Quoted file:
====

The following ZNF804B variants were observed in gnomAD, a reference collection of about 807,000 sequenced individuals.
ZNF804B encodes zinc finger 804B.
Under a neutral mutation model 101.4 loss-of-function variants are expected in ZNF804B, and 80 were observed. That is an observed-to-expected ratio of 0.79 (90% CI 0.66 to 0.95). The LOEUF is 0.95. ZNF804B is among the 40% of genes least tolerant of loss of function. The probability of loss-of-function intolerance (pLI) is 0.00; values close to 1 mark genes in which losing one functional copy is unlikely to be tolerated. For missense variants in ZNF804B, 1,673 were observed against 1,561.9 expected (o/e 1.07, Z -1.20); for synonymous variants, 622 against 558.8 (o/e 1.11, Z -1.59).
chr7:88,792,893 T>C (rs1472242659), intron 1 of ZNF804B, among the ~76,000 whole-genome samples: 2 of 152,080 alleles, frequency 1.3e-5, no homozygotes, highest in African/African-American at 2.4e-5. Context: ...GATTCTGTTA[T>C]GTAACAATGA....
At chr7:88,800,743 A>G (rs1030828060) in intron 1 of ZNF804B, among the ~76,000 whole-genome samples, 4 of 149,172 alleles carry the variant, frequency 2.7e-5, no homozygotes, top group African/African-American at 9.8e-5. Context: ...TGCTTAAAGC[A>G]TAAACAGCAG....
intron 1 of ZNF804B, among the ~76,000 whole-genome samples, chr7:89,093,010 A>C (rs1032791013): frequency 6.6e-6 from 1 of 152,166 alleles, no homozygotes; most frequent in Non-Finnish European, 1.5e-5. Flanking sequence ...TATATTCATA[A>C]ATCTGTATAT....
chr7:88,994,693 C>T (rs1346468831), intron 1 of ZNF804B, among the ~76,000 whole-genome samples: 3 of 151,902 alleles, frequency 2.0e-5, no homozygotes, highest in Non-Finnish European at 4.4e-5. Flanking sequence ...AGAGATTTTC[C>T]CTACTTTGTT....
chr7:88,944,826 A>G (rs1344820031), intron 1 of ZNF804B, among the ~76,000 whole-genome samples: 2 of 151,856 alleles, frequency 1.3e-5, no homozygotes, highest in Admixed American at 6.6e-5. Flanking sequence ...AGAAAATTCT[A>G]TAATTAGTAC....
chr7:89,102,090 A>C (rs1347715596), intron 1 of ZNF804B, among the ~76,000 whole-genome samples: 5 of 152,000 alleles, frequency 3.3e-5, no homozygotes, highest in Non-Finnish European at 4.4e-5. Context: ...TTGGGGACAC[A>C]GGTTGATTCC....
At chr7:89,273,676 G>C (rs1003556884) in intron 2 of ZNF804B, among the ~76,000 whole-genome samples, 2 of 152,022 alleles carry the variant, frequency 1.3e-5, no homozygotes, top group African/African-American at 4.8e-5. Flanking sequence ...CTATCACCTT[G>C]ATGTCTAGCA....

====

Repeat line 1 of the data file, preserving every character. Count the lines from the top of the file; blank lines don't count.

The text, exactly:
The following ZNF804B variants were observed in gnomAD, a reference collection of about 807,000 sequenced individuals.